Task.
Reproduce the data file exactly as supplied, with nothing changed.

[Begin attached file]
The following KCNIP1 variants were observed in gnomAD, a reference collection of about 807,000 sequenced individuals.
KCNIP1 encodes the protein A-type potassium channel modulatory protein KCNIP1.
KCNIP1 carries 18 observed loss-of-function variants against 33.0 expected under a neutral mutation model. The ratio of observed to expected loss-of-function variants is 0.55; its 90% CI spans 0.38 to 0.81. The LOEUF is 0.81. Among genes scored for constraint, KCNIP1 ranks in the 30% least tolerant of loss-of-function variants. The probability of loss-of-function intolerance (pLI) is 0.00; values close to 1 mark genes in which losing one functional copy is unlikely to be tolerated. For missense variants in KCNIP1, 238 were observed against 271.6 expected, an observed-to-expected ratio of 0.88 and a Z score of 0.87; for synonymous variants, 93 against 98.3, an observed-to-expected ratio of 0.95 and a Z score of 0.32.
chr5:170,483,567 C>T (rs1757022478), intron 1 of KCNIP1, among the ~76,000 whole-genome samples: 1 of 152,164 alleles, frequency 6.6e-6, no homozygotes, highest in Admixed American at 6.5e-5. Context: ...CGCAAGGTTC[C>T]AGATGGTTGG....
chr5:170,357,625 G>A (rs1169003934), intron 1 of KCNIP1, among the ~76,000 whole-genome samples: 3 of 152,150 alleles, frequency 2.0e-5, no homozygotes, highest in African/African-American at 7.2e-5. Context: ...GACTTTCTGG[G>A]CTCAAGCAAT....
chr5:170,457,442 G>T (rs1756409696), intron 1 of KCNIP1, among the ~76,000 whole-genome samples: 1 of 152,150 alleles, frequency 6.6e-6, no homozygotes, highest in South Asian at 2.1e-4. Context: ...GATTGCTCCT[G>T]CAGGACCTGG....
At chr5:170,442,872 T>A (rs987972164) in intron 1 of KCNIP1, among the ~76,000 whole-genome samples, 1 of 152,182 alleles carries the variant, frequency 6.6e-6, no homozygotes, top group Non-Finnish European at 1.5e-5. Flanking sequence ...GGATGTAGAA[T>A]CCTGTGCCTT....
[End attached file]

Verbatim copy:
The following KCNIP1 variants were observed in gnomAD, a reference collection of about 807,000 sequenced individuals.
KCNIP1 encodes the protein A-type potassium channel modulatory protein KCNIP1.
KCNIP1 carries 18 observed loss-of-function variants against 33.0 expected under a neutral mutation model. The ratio of observed to expected loss-of-function variants is 0.55; its 90% CI spans 0.38 to 0.81. The LOEUF is 0.81. Among genes scored for constraint, KCNIP1 ranks in the 30% least tolerant of loss-of-function variants. The probability of loss-of-function intolerance (pLI) is 0.00; values close to 1 mark genes in which losing one functional copy is unlikely to be tolerated. For missense variants in KCNIP1, 238 were observed against 271.6 expected, an observed-to-expected ratio of 0.88 and a Z score of 0.87; for synonymous variants, 93 against 98.3, an observed-to-expected ratio of 0.95 and a Z score of 0.32.
chr5:170,483,567 C>T (rs1757022478), intron 1 of KCNIP1, among the ~76,000 whole-genome samples: 1 of 152,164 alleles, frequency 6.6e-6, no homozygotes, highest in Admixed American at 6.5e-5. Context: ...CGCAAGGTTC[C>T]AGATGGTTGG....
chr5:170,357,625 G>A (rs1169003934), intron 1 of KCNIP1, among the ~76,000 whole-genome samples: 3 of 152,150 alleles, frequency 2.0e-5, no homozygotes, highest in African/African-American at 7.2e-5. Context: ...GACTTTCTGG[G>A]CTCAAGCAAT....
chr5:170,457,442 G>T (rs1756409696), intron 1 of KCNIP1, among the ~76,000 whole-genome samples: 1 of 152,150 alleles, frequency 6.6e-6, no homozygotes, highest in South Asian at 2.1e-4. Context: ...GATTGCTCCT[G>T]CAGGACCTGG....
At chr5:170,442,872 T>A (rs987972164) in intron 1 of KCNIP1, among the ~76,000 whole-genome samples, 1 of 152,182 alleles carries the variant, frequency 6.6e-6, no homozygotes, top group Non-Finnish European at 1.5e-5. Flanking sequence ...GGATGTAGAA[T>A]CCTGTGCCTT....